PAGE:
"How your benefits are affected if you have a government pension or if you continue working while claiming Social Security" is a mini chapter in his excellent book

Silk McCue
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Re: Pension and Social Security

Post by Silk McCue » Fri Apr 27, 2018 7:06 am

Quite a few people post their pension options and seek feedback on the pros and cons of the choices. You will get some good analysis if you do so.

Cheers

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BolderBoy
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Re: Pension and Social Security

Post by BolderBoy » Fri Apr 27, 2018 9:20 am

D Newton wrote:
Thu Apr 26, 2018 8:24 pm
Thanks RK. That's what i thought too. Now the big question is whether to take a Lump Sum payment or monthly payment for life.
This website can help you decide: https://www.immediateannuities.com/
"Never underestimate one's capacity to overestimate one's abilities" - The Dunning-Kruger Effect

delamer
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Re: Pension and Social Security

Post by delamer » Fri Apr 27, 2018 10:05 am

If your wife has less than 35 years of Wages covered by Social Security, that will adversely affect her SS benefit.

Something to consider when making the decision about going back to work.

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bobcat2
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Re: Pension and Social Security

Post by bobcat2 » Fri Apr 27, 2018 10:55 am

How much does your wife's pension benefit increase for each year she delays taking it? The answer to that question should be a key determinant of when she should take her pension.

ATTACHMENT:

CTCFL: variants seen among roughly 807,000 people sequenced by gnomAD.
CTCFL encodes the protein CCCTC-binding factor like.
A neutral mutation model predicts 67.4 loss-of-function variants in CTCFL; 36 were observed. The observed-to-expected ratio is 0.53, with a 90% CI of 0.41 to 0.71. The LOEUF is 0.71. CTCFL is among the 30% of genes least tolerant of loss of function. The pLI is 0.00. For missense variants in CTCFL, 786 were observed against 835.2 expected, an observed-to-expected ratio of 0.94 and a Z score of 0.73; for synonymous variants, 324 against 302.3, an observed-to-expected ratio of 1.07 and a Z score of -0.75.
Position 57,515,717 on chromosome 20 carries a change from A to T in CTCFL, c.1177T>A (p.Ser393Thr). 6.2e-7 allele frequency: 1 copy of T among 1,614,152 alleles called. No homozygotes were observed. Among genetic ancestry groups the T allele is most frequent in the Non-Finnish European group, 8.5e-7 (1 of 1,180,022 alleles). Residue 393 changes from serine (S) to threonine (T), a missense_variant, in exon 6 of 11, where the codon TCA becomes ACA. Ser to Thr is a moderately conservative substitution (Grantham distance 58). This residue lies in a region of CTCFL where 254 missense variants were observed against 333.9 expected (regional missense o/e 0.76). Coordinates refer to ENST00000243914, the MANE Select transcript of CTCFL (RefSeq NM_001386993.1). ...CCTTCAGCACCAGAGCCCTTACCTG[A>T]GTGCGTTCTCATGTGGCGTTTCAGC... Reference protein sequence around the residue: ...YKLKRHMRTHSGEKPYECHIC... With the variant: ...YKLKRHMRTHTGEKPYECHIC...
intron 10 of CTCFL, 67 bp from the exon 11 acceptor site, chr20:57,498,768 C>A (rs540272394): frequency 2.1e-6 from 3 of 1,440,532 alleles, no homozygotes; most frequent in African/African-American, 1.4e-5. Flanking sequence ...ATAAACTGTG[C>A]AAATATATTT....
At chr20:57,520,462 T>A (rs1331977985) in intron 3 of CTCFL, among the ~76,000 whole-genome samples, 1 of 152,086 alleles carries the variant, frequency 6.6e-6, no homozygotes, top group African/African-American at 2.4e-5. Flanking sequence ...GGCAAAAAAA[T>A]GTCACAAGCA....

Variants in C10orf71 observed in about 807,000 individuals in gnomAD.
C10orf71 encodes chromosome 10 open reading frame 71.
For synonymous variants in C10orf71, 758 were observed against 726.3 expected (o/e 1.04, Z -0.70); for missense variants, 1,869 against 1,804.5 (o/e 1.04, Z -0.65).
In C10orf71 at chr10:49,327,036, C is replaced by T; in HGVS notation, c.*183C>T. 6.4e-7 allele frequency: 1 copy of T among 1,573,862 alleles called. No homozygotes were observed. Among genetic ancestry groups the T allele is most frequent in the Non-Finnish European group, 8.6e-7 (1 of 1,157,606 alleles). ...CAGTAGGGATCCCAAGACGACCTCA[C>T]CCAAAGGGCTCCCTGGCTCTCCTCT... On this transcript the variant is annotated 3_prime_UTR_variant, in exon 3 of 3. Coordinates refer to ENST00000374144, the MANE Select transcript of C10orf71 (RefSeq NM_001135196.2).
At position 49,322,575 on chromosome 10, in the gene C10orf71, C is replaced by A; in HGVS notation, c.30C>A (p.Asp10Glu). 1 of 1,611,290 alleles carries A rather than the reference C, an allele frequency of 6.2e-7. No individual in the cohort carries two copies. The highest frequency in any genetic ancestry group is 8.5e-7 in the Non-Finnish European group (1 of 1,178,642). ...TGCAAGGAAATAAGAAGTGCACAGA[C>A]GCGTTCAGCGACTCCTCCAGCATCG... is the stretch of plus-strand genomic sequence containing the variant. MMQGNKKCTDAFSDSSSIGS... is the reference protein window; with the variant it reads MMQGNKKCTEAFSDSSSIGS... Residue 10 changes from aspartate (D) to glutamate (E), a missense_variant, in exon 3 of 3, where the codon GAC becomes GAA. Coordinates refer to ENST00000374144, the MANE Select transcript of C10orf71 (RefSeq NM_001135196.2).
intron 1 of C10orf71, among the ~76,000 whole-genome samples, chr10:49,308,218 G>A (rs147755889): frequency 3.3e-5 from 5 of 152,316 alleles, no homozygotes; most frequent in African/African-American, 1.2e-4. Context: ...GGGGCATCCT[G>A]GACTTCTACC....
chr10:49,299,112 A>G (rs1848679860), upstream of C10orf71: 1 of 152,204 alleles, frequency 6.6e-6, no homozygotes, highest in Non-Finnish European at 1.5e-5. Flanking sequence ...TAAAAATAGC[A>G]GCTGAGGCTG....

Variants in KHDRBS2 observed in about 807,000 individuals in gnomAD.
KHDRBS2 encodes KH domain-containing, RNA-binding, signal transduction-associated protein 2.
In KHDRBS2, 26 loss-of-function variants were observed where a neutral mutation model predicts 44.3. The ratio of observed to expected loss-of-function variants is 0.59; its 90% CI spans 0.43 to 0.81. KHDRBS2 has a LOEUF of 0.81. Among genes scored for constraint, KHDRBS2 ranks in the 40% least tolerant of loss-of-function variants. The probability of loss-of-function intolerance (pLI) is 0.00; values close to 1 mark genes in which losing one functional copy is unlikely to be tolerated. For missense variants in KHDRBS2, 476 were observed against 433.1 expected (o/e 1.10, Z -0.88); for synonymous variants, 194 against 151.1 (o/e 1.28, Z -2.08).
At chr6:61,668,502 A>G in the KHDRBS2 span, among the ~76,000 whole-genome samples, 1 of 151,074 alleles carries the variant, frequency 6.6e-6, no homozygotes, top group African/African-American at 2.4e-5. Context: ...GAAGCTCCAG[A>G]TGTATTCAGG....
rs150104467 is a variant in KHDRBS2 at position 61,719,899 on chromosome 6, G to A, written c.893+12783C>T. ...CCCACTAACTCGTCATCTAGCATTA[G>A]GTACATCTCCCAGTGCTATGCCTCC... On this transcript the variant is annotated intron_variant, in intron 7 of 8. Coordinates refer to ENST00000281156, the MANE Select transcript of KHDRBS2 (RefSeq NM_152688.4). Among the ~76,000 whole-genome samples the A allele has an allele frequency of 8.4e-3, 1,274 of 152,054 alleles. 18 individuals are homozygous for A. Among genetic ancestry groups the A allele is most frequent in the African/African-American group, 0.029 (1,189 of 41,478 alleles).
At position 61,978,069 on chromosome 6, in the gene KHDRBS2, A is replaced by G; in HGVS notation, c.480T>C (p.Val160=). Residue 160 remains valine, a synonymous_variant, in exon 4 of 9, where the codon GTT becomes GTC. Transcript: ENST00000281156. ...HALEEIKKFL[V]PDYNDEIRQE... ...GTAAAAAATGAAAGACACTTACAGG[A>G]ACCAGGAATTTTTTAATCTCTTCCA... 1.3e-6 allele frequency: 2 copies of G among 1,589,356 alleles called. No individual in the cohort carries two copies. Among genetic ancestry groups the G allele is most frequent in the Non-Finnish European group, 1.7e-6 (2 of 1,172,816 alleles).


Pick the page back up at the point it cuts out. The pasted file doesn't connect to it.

BobK
In finance risk is defined as uncertainty that is consequential (nontrivial). | The two main methods of dealing with financial risk are the matching of assets to goals & diversifying.

GAAP
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Re: Pension and Social Security

Post by GAAP » Fri Apr 27, 2018 12:14 pm

bobcat2 wrote:
Fri Apr 27, 2018 10:55 am
How much does your wife's pension benefit increase for each year she delays taking it? The answer to that question should be a key determinant of when she should take her pension.

BobK
Exactly.

For example: My wife retired in December and was eligible for two pensions. With one of them, there was no benefit in waiting, so she took it immediately. The other tops out in four years, so she's waiting for that one. Both are real pensions, indexed to or above inflation (at least at today's levels). Delaying the second pension also allows more room for Roth Conversions while I'm still working.

JoeRetire
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Re: Pension and Social Security

Post by JoeRetire » Fri Apr 27, 2018 12:19 pm

D Newton wrote:
Thu Apr 26, 2018 7:53 pm
Quick question: My wife is considering taking her pension now and if so, we were wondering if that impacts her social security benefit in the future.
Assuming this isn't a government pension, then it won't have any impact on social security benefits.
Any thoughts on the pros and cons of taking the pension now would be appreciated.
As always, it depends.

What is the pension benefit impact of taking it now versus later? How much larger will the pension be if she waits?
Does the pension have a COLA?
Is this a single-life pension? Or is there a joint life option?

If you post the lump sum and lifetime benefit numbers for now and later, then it's mostly just math.